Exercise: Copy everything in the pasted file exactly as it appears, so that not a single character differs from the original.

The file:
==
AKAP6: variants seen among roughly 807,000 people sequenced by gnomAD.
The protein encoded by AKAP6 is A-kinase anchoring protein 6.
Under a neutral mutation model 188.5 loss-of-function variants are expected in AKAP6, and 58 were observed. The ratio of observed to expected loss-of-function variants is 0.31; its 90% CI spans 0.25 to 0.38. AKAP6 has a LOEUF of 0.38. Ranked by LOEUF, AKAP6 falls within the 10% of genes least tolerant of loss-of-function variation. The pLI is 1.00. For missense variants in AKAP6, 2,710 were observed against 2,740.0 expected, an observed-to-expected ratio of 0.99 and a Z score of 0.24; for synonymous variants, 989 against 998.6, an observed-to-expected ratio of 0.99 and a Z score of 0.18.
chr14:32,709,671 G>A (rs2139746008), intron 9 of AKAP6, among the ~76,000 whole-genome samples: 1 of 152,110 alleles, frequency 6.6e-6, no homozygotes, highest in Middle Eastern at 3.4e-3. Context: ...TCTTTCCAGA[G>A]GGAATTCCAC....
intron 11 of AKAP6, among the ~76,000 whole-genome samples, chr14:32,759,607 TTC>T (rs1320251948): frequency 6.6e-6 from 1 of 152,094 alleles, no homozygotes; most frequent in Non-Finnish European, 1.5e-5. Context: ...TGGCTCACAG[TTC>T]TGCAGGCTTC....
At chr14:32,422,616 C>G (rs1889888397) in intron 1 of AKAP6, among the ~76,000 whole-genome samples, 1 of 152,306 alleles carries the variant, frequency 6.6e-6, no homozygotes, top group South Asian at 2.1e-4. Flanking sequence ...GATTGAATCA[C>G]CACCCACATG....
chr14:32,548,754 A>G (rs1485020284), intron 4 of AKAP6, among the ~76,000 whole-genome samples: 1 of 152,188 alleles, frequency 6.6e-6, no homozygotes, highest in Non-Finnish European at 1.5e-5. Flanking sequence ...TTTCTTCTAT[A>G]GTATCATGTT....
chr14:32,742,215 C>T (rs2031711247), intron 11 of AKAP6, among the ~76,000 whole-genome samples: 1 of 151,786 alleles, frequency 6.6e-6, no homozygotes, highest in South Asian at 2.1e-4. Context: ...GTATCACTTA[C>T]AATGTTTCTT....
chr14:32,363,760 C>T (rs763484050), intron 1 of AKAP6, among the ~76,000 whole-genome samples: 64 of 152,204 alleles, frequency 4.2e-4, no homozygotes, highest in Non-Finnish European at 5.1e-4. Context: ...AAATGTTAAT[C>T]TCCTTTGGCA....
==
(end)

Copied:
AKAP6: variants seen among roughly 807,000 people sequenced by gnomAD.
The protein encoded by AKAP6 is A-kinase anchoring protein 6.
Under a neutral mutation model 188.5 loss-of-function variants are expected in AKAP6, and 58 were observed. The ratio of observed to expected loss-of-function variants is 0.31; its 90% CI spans 0.25 to 0.38. AKAP6 has a LOEUF of 0.38. Ranked by LOEUF, AKAP6 falls within the 10% of genes least tolerant of loss-of-function variation. The pLI is 1.00. For missense variants in AKAP6, 2,710 were observed against 2,740.0 expected, an observed-to-expected ratio of 0.99 and a Z score of 0.24; for synonymous variants, 989 against 998.6, an observed-to-expected ratio of 0.99 and a Z score of 0.18.
chr14:32,709,671 G>A (rs2139746008), intron 9 of AKAP6, among the ~76,000 whole-genome samples: 1 of 152,110 alleles, frequency 6.6e-6, no homozygotes, highest in Middle Eastern at 3.4e-3. Context: ...TCTTTCCAGA[G>A]GGAATTCCAC....
intron 11 of AKAP6, among the ~76,000 whole-genome samples, chr14:32,759,607 TTC>T (rs1320251948): frequency 6.6e-6 from 1 of 152,094 alleles, no homozygotes; most frequent in Non-Finnish European, 1.5e-5. Context: ...TGGCTCACAG[TTC>T]TGCAGGCTTC....
At chr14:32,422,616 C>G (rs1889888397) in intron 1 of AKAP6, among the ~76,000 whole-genome samples, 1 of 152,306 alleles carries the variant, frequency 6.6e-6, no homozygotes, top group South Asian at 2.1e-4. Flanking sequence ...GATTGAATCA[C>G]CACCCACATG....
chr14:32,548,754 A>G (rs1485020284), intron 4 of AKAP6, among the ~76,000 whole-genome samples: 1 of 152,188 alleles, frequency 6.6e-6, no homozygotes, highest in Non-Finnish European at 1.5e-5. Flanking sequence ...TTTCTTCTAT[A>G]GTATCATGTT....
chr14:32,742,215 C>T (rs2031711247), intron 11 of AKAP6, among the ~76,000 whole-genome samples: 1 of 151,786 alleles, frequency 6.6e-6, no homozygotes, highest in South Asian at 2.1e-4. Context: ...GTATCACTTA[C>T]AATGTTTCTT....
chr14:32,363,760 C>T (rs763484050), intron 1 of AKAP6, among the ~76,000 whole-genome samples: 64 of 152,204 alleles, frequency 4.2e-4, no homozygotes, highest in Non-Finnish European at 5.1e-4. Context: ...AAATGTTAAT[C>T]TCCTTTGGCA....